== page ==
THE EUROPEAN road transport sector is facing the most acute professional driver shortage in decades, confirms a new report by Geneva based International Road Transport Union (IRU).
Polling of IRU members and associated organisations in Europe from October 2018 to January 2019 revealed a visible driver shortage of 21% in the freight transport sector. The problem is accelerating, with the shortfall predicted to reach 40% as demand grows in 2019.
Boris Blanche, IRU’s managing director commented: ‘The transport industry needs to take immediate and decisive action to tackle the driver shortage. But there is no shortage of opportunity in this profession. In fact, our research found that job satisfaction tends to be high, with only 20% of drivers surveyed expressing any dissatisfaction with their work.’
‘A global effort must be made to address negative misperceptions and improve the image of the profession. At the same time, all industry stakeholders must act to improve working conditions in the sector. The treatment of drivers should be improved, with adequate and sufficient infrastructure and facilities provided.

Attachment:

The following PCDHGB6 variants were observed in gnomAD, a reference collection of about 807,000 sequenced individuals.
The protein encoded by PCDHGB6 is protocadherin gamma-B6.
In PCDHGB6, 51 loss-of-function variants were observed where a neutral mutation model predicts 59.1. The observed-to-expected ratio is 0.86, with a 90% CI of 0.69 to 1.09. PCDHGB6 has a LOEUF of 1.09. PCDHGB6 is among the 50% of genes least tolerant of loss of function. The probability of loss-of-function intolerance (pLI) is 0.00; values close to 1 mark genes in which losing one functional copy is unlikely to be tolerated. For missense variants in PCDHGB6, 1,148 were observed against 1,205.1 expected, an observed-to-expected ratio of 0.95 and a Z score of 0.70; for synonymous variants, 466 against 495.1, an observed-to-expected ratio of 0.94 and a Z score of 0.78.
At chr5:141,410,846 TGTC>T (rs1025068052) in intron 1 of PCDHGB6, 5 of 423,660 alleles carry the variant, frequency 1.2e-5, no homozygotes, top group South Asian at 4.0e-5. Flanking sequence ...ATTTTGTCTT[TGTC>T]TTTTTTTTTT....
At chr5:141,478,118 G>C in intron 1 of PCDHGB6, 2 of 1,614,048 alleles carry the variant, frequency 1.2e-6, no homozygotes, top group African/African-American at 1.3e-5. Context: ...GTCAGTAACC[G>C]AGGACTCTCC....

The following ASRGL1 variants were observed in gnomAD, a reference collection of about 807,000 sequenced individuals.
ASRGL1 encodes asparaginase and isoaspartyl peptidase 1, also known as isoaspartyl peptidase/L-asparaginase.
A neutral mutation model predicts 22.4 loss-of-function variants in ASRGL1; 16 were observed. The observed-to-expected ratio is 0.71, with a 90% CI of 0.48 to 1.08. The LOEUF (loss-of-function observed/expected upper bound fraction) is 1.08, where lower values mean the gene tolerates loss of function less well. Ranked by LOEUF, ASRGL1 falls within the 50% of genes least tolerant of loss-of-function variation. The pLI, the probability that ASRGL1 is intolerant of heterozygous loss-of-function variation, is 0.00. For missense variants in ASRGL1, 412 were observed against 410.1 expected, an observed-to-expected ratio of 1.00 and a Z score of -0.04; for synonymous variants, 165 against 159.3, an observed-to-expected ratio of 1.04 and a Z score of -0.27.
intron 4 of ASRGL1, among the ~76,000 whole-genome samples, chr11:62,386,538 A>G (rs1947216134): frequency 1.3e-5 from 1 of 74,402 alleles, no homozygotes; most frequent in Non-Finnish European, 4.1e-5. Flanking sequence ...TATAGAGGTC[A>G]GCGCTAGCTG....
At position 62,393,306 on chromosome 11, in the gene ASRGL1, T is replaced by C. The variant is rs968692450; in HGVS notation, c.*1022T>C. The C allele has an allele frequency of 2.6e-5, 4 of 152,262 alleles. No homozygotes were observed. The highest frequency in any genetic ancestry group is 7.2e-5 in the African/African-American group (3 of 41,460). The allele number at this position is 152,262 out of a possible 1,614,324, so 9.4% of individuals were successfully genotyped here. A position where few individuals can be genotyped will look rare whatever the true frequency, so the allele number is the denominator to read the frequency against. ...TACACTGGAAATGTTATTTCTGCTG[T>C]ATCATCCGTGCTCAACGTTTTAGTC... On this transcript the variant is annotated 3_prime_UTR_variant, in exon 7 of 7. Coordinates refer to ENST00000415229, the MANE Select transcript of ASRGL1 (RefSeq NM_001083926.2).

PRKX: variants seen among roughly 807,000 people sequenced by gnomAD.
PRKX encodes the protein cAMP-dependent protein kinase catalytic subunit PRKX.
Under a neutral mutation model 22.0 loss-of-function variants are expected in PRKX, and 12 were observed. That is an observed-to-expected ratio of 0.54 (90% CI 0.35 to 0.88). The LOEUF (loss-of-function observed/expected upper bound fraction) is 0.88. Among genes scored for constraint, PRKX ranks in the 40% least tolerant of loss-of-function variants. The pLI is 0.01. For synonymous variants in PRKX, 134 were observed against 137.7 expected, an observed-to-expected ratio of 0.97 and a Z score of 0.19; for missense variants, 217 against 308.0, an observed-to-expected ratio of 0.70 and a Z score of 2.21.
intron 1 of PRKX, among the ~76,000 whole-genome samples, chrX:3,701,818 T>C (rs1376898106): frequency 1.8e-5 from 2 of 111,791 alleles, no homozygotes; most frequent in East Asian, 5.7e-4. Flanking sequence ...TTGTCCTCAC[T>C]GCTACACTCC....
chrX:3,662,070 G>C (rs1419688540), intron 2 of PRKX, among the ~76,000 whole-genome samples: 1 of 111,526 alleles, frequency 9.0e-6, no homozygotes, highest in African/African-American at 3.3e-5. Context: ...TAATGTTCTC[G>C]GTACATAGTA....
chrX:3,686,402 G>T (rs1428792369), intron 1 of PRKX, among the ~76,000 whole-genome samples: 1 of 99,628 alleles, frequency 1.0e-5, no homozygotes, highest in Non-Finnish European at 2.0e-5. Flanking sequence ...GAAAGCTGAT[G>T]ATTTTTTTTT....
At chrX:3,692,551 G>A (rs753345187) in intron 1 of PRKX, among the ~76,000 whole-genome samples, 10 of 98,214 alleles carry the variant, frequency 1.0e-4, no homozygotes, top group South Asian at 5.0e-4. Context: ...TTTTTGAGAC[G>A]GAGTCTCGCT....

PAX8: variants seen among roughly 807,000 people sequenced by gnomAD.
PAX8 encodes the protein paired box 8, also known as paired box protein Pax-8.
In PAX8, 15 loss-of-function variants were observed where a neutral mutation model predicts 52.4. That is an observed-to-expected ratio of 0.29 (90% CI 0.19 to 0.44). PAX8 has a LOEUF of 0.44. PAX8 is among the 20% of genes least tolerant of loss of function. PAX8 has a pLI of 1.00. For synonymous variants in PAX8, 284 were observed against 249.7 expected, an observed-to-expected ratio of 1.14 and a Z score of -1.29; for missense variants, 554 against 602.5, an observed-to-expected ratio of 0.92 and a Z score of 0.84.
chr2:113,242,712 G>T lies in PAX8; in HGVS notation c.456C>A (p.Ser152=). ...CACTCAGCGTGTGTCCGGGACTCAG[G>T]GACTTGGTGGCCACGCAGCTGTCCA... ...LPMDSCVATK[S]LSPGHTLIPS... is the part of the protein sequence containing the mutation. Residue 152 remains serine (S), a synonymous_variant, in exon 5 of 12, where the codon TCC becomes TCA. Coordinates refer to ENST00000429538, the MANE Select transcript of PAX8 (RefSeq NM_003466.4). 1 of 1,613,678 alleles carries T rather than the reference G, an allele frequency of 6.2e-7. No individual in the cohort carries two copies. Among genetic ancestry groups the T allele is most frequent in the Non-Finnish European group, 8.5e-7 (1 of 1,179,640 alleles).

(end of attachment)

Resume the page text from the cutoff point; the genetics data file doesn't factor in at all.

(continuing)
‘For industry to attract a new and diverse workforce, particularly increasing the employment of young people and women, a more inclusive recruitment policy must be put into place across the sector.’
Matthias Maedge, IRU’s general delegate, warned: ‘Already the driver shortage is creating serious headaches for transport operators, impacting the people and businesses that rely on their services. Unfortunately, this is only set to worsen. We should not be fooled into thinking automation will solve this issue. There is still some way to go until the road transport industry sees full automation, and the partial adoption we are currently witnessing will require a sizeable workforce with an increasingly diverse skillset. This makes the need for decisive action to attract new talent all the more immediate.’